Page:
I could subtitle this essay Art as Momentary Comfort.
Lately, I have been having a difficult time getting started in the mornings. I get up, feed the dog, make the coffee, but then sit and browse. Time I can’t get back and can’t really account for. Certainly, it’s nothing that’s bringing me pleasure. I am on my second cup of coffee before I open the new post screen.
This feels like a Monday morning. I try to get a little handle on what the day and the week will entail, but it’s like staring out the window into fog. There’s something there. Moving around. And I worry it will jump out at me suddenly.
But that isn’t where my head should be right now. The day will come. The week, too, more than likely.
I am crying in the car again. I don’t often use the car, but do drive to yoga on Sundays. And driving home, I cry. It’s a good, soft thing. A kind of surrender really. And there is no one to touch me, or to try to comfort me. And that is also a good thing. It comes like a wave, and passes like a wave. The grief.
I talked to B. yesterday and our trip to Iceland is back on. Suddenly her calendar is filling up with places she wants to be. People she wants to be with. We don’t say it, but: while she is well enough. She’s looking at dates to work around her chemotherapy weeks. One a month for six months. Timing. Logistics.
I wonder if she cries when there is no one to touch her. If it sometimes can be a good, soft thing for her when everything in the world is sharp edges and punctures. Now that every assumption, every conception has been sliced open.
I wonder if crying can numb the raw borders of what was and what is.
I have no way of knowing. No hope of empathizing. And no meaningful comfort to offer. So I listen. That’s good, right?
E.’s footsteps on the stairs. Time to walk Leonard around the block and then head to the lake for a run. It’s Monday.
Into the fog.
Managed to negotiate the trail yesterday, with all the fallen trees and scattered branches in the half-dark, only to come home and slip in the living room. Limping a little still this morning, so no run. Last night’s big flakes are now big drops of rain, so there is a large part of me satisfied to get a bit more sleep this morning.
Still having fantasies about all that can go wrong. I’m replaying imaginary arguments with colleagues, students and parents that I really don’t need to have. It’s odd how such an unpleasant thing is the default comfort for my quiet mind. I keep wondering if it is a distraction that still makes room for the background emotions I’m trying to avoid: a more malleable scenario to try to reach some kind of catharsis for the the anger and hurt.
Hurt. I’m not even sure that counts as an emotion. Pain. I’ve read that emotional pain and physical pain light up the brain in nearly identical ways. Which would make it as much a sensation as an emotion. And that shouldn’t surprise us. As much as we deny the body, it doesn’t surprise me that we deny emotions equally then. Intellect is without sensation. It seems to me that we want our nurses to be warm, our neurosurgeons impressively cold. It follows – or presupposes actually – that the closer we are to the body, the lower our status. I think this is true of emotions as well.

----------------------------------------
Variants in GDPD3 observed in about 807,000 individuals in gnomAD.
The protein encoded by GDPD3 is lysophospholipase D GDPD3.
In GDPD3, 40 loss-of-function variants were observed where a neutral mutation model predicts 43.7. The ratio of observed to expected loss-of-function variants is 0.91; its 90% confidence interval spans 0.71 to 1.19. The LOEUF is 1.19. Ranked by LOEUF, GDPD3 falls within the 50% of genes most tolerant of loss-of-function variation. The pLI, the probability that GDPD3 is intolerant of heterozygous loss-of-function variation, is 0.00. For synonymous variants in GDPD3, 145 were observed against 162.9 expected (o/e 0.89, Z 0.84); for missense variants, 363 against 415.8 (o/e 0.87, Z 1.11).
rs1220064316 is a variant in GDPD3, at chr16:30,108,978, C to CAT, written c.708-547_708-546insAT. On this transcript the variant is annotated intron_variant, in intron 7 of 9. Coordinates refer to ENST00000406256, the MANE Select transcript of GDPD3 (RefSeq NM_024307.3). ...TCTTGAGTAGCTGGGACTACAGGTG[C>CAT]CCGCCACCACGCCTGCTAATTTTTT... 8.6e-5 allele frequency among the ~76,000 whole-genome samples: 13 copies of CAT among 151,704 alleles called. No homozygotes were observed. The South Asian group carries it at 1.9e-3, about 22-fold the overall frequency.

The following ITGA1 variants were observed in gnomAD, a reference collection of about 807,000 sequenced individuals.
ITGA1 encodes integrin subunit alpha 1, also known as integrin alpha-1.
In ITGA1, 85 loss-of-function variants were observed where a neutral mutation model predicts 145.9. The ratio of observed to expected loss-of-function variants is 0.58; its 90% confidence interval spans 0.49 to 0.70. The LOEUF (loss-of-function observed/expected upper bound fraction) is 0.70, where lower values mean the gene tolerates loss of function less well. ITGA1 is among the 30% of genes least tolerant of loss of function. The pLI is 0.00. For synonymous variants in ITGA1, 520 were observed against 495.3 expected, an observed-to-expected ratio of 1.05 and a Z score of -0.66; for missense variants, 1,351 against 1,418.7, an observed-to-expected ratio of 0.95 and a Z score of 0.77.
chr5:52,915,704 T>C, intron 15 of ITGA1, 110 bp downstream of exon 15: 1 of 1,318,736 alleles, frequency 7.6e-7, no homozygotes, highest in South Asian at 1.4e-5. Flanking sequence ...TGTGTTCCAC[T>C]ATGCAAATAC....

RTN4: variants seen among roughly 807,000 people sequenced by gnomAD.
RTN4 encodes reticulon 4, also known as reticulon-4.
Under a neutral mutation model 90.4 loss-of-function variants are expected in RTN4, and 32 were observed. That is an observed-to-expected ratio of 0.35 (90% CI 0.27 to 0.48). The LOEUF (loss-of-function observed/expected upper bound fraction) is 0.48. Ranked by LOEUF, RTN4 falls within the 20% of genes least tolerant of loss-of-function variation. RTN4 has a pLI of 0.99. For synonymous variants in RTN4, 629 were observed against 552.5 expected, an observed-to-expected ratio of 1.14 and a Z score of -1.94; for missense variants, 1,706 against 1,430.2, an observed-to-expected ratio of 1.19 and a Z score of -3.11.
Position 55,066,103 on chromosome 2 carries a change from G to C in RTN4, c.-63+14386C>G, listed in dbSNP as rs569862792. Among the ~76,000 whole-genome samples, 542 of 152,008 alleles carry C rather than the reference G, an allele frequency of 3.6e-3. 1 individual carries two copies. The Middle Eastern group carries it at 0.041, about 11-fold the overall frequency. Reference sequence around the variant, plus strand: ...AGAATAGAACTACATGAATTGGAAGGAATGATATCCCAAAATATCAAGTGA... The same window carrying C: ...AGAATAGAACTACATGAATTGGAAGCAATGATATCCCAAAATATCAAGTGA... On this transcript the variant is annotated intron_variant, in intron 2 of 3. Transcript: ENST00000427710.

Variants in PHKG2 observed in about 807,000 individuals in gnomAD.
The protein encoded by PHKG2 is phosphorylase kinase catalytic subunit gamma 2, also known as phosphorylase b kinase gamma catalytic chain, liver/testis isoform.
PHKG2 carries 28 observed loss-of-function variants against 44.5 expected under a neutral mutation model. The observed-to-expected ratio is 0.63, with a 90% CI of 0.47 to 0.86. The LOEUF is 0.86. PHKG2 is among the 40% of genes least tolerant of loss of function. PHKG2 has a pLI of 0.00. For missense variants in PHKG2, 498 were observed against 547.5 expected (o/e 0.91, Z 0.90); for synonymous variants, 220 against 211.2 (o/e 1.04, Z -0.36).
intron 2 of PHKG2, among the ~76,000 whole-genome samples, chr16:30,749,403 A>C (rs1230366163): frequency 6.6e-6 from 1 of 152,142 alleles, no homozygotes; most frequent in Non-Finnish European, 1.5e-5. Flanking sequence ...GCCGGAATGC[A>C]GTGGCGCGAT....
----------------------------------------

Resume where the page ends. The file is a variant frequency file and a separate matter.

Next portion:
Even the Romantic poets who – arguably – had a high-ish status, drew on emotions and controlled them objectively, like tinker toys. They sorted and displayed them like objects in a museum. No wonder the modernists went straight to the scatological: the twelfth night of Christmas, the boy bishop years before the wars.
The Boy Bishop Years would be a nice title for a messy poetry collection.
I wonder if it is possible to untangle anger and hurt from one another. I guess I have always thought, stubbing my toe that one leads nearly instantaneously to the other. The curse word flying reflexively. But what if they are the same.
I’m trying to remember if when the boys cried as infants I really could distinguish between a cry of pain and one of anger.
When something surprises E. it is like a blunt force to his nerves and his fist flies faster than he can reason from pain to anger. He used to clear mines in war zones. We talk about defense mechanisms. But isn’t that really a definition of perspective? I’m not convinced that context and interpretation create ontological differences – the in and of itself of our bodies’ responses.
I think it’s time for me to go back to reading philosophy. I “got it” once upon a time, and could rearrange the ideas like tinker toys. But now… well, maybe there is a way to let it under my skin.